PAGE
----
1Othello has always been a popular play with acting companies and audiences, and over the centuries it has occasioned considerable and varied response among scholars. While many critics have regarded it as one of Shakespeare's most successful plays, there have been vocal detractors, both early in the play's life and more recently. The flash point of critical controversy has most often been the race and social status of its title character, but significant debates have also arisen about the play's dramatic structure, its representation of women, and the powerfully disturbing figure of Iago. The following discussion sketches in broad strokes some of the most influential literary critical approaches to Othello, including character criticism, formalism, psychoanalysis, and a range of politically inflected approaches such as feminism and new historicism.
2As early as the final decade of the seventeenth century, Othello was criticized for depicting a man of color as a tragic hero. Thomas Rymer (c. 1641-1713), whose A Short View of Tragedy appeared in 1693, is notable for providing the first major published criticism of the play, and also for the intensity of his dislike of Othello and its titular hero. Attacking the play as merely an unfortunate and implausible stage adaptation of the Italian prose tale from which its plot derives, Rymer argues that Othello ignores a number of key principles of dramatic composition, specifically the neoclassical prescription that a play ought to trace, in real time and a focused manner, the events of a single day in a single location. He saves his most virulent attacks, however, for what he presents as the play's violation of the conventions of a natural hierarchy that positions people of color firmly below white Europeans, and non-Christians below Christians. Discussing Othello's rank in the Venetian military, Rymer argues:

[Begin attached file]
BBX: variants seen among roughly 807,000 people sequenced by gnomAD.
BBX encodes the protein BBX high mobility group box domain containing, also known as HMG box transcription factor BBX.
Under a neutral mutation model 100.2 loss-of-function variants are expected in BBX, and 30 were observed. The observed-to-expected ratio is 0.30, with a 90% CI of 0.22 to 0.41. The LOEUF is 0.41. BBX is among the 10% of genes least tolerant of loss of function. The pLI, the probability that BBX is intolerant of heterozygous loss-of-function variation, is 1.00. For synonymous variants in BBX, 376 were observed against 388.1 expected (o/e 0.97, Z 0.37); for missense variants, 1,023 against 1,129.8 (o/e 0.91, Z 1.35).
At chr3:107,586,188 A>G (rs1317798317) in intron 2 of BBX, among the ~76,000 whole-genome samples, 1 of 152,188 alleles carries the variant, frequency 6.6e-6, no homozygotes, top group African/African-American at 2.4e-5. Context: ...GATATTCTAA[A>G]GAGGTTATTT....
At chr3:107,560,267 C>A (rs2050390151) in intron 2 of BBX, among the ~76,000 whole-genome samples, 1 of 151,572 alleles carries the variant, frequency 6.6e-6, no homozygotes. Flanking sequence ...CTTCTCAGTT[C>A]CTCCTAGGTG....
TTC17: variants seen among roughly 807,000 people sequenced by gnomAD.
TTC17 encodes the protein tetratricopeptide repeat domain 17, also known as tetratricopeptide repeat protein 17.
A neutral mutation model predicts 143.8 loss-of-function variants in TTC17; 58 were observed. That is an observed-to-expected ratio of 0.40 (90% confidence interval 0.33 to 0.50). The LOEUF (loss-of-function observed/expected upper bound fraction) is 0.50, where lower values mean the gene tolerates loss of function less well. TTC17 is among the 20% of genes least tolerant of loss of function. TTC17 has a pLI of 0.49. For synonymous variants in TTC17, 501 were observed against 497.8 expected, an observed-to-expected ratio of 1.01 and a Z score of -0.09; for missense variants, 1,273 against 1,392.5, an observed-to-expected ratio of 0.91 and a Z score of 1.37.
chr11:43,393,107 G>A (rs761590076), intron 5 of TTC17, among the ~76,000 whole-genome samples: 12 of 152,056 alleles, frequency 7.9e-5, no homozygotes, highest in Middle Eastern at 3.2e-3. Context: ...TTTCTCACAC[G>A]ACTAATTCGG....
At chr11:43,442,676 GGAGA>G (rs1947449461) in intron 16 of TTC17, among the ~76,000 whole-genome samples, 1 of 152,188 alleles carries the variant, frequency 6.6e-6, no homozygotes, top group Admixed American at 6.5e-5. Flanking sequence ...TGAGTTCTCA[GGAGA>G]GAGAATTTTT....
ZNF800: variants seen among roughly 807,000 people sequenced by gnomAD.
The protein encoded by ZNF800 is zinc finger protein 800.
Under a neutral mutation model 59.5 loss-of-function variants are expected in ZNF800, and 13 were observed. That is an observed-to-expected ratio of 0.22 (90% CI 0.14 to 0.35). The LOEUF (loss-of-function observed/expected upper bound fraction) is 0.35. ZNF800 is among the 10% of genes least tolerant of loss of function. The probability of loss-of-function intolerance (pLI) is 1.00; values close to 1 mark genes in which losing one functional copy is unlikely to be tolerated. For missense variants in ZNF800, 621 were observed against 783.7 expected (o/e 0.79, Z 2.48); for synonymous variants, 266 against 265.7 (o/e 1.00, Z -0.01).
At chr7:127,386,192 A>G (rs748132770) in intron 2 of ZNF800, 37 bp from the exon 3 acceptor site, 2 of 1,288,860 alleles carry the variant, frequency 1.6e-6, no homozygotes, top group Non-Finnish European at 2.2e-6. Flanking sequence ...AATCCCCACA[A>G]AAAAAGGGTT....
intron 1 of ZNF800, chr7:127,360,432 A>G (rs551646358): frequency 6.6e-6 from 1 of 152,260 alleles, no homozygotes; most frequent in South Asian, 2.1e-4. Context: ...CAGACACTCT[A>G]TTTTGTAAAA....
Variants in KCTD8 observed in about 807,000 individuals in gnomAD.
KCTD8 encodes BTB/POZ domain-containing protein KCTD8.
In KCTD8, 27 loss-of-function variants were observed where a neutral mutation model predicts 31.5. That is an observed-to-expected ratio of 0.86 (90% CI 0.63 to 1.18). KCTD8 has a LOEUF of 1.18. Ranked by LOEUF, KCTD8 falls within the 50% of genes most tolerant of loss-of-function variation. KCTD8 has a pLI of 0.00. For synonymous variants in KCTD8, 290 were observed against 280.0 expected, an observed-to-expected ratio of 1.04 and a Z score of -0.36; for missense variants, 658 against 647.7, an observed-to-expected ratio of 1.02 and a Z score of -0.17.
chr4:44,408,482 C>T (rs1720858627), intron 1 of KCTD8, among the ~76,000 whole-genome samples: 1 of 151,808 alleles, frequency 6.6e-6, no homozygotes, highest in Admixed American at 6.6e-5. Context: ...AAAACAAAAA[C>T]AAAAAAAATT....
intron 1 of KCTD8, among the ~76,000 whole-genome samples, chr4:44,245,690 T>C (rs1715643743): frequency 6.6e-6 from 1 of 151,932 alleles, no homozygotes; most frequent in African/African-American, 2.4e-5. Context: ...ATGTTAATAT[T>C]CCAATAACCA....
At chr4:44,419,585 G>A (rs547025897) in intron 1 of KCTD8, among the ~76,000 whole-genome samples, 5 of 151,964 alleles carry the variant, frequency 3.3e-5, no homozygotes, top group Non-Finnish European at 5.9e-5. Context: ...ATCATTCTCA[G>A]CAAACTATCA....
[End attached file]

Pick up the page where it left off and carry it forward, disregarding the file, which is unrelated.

The character of that state [i.e., Venice] is to employ strangers in their wars, but shall a poet thence fancy that they will set a negro to be their general, or trust a Moor to defend them against the Turk? With us, a Blackamoor might rise to be a trumpeter, but Shakespeare would not have him less than a lieutenant-general. . . . Nothing is more odious in nature than an improbable lie, and, certainly, never was any play fraught, like this of Othello, with improbabilities. (91-92)
Of the many attacks on nature for which Rymer holds Othello responsible, he clearly considers its depiction of the marriage of a senator's daughter to a military commander irksome, and its portrayal of a man of color in the illustrious rank of general truly loathsome.